Summary and Analysis Book 1: Chapters 1–3



Chapter 1: The first chapter of A Tree Grows in Brooklyn takes place in 1912. The setting is an area of Brooklyn called Williamsburg. The area is one of poverty, filled with recent immigrant families who are impoverished. There is a tree growing in the area that survives no matter how poor the soil or water. The tree is called the Tree of Heaven by some of the residents, since the tree grows only in the neighborhoods where the poorest people live.

A Tree Grows in Brooklyn is the coming-of-age story of Francie Nolan, who is eleven years old when the story begins. It is a Saturday, and Francie and her younger brother, Neeley, spend part of the morning collecting metal scraps to sell to Carney, the junk man. The children keep only half the money they earn; the other half will be placed in the tin can bank back home. As Francie walks home, she admires the neighborhood where she lives and notices the pregnant Jewish women, whom Francie thinks must have so many babies because they hope that one will be the messiah. In contrast to the Jewish women, Francie thinks that Irish women look ashamed to be pregnant.

Francie's mother, Katie, works as a janitor cleaning three buildings. The extra money that the children earned and saved is given to Katie to be placed in the tin can. Katie sends Francie to buy stale bread at the store. After she takes the bread home, Francie wants to tag along with Neeley and some other boys, but they do not want her company. She watches as they harass a couple of other boys, including a Jewish boy, and then she walks to the library.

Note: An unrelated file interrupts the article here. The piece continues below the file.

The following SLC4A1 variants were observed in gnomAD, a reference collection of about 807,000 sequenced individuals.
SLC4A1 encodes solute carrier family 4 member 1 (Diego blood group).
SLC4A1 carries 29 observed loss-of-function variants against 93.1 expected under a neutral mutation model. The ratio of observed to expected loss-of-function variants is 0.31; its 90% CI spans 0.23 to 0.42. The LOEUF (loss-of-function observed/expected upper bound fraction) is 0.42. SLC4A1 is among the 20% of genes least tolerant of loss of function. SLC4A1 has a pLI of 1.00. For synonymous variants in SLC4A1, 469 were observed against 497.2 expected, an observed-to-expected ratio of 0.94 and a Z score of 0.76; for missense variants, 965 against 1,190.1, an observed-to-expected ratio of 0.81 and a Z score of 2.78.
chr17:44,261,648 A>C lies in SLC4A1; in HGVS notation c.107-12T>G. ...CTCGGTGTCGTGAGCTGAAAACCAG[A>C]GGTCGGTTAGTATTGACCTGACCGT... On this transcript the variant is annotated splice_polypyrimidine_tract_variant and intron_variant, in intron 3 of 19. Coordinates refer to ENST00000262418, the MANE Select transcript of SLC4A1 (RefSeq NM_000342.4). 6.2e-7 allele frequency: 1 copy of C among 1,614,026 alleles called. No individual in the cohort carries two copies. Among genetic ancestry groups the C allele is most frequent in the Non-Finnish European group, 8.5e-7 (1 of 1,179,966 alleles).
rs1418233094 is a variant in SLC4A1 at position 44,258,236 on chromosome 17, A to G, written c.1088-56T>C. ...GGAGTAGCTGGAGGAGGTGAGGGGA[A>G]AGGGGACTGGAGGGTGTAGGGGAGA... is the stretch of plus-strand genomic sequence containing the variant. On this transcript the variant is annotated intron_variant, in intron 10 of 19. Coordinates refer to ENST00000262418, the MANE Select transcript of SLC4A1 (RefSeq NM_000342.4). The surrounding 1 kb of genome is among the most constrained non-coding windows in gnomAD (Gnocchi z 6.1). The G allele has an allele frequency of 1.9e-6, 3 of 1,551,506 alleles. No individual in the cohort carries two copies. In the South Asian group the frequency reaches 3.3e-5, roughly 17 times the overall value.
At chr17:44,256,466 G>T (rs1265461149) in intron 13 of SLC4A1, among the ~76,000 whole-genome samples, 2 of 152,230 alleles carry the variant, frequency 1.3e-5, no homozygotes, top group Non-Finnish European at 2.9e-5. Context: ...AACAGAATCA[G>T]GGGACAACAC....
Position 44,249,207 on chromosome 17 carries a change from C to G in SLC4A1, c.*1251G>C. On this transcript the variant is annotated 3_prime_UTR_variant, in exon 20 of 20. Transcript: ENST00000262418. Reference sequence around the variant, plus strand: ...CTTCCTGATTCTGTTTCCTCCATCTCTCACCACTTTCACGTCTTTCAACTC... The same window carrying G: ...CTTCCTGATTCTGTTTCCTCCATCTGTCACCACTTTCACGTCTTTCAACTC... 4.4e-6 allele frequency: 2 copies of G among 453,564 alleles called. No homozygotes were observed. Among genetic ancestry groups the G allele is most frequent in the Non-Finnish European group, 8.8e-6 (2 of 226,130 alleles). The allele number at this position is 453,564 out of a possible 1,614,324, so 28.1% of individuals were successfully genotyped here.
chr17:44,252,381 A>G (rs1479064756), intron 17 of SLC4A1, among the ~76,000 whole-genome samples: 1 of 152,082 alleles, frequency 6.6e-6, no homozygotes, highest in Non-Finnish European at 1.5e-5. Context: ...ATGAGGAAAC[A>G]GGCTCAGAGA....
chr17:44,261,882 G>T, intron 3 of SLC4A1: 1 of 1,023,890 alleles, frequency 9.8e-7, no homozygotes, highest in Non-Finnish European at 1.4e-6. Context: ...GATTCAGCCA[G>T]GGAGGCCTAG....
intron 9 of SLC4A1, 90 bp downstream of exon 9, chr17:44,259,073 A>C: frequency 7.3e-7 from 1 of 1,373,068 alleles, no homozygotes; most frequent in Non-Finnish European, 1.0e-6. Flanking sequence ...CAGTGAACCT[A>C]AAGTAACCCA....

Chapter 2: Francie reads a book a day and is trying to read every book in the library. On Saturdays, Francie checks out two books and always asks the librarian to recommend the second book. The librarian hates children, always recommends the same two books, and never looks at Francie.

When she arrives back home with her books, Francie sits on the fire escape and reads as she watches some of her neighbors. Francie watches Flossie Gaddis, who lives in Francie's building, flirt with Frank, the handsome young man who drives the dentist's wagon. She invites him out to a dance for Saturday evening, but he is not interested. He is never interested. Francie has watched this same exchange between Frank and Flossie many times and comments that Flossie is "starved about men," while her Aunt Sissy is "healthily hungry about men."

Chapter 3: Francie's father finally appears, and readers learn that he is both charming and irresponsible. Francie loves her father, in spite of his failings. As she irons an apron for him to wear that night to work, she thinks about a conversation she overheard one day when she visited the Union Headquarters. She heard two men criticize her father for spending his tips on getting drunk, instead of supporting his family. Francie, though, thinks that her father is loved by almost everyone, including the family he fails to support.